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Saturday, 30 September 2006 17:00

House bill calls for disclosure of damaged vehicles

The United States House of Representatives is taking a crucial step to make America' s roadways safer by ensuring valuable information is easily accessible to consumers. Representative Cliff Stearns (R-FL) along with Representative Charles Bass (R-NH), introduced the Damaged Vehicle Information Act (H.R.6093) in September. 

The legislation requires public disclosure of the VIN numbers from vehicles determined to have suffered damage resulting in significant fair market value loss. ARA urges the automotive recycling industry to contact Congress and voice support for H.R. 6093. 

The Automotive Recyclers Associa-tion (ARA) supports the basic goal of this legislation. Millions of vehicles are "totaled" by insurance companies due to extensive damage, flooding, fire and theft and are rebuilt and then sold fraudulently, with clear titles, to unsuspecting customers. Despite repeated attempts to curb salvage title fraud, the problem has increased as a result of the various state motor vehicle titling laws which create loopholes ready-made for fraud.

Among other things, H.R. 6093 requires persons to disclose information without regard to whether a certificate of title is obtained under state motor vehicle titling law or a branded title is obtained under state motor vehicle titling law and provides consumers with information about vehicles that currently is only available to insurance companies and transportation officials.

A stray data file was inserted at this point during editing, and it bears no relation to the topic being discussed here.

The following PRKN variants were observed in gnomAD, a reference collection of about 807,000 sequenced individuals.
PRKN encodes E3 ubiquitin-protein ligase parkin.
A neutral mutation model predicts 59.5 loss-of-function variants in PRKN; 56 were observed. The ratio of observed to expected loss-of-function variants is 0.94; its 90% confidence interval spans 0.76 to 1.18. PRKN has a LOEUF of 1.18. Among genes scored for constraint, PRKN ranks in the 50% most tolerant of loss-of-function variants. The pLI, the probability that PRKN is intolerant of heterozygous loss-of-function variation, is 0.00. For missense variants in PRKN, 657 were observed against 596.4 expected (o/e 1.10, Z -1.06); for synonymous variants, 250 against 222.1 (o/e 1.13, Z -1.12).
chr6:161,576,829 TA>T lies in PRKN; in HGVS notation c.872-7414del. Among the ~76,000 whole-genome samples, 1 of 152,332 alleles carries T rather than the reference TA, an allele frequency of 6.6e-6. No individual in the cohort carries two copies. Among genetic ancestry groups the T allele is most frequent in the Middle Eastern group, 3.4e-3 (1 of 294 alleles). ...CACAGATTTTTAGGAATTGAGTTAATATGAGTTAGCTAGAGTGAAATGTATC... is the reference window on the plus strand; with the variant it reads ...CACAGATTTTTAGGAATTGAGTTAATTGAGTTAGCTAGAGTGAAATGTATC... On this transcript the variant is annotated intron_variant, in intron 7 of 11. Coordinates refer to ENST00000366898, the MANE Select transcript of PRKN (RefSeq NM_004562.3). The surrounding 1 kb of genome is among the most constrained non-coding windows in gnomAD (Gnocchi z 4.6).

"ARA has been working closely with lawmakers in the House on this effort to get legislation introduced that will empower consumers with full disclosure of the condition of the vehicles they may wish to purchase," said George Eliades, ARA executive vice president.

H.R. 6093 directs the U.S. Secretary of Transportation to regulate that persons disclose this information to the public in a "commercially reasonable, electronically accessible manner." Persons covered by the bill include any individual, company, corporation, association, firm, partnership, society or any other entity, but does not include any governmental agency.

"The House bill addresses critics' concerns by broadly defining the entities that must disclose vehicles in total loss condition, which will ensure that not just those vehicles totaled by insurance companies are reported," according to Eliades. "Simply declaring that the data must be released in an electronically accessible manner and made available to the public, as the House bill does, takes the wind right out of the sails of those arguing that such disclosure is somehow unfair or unreliable."


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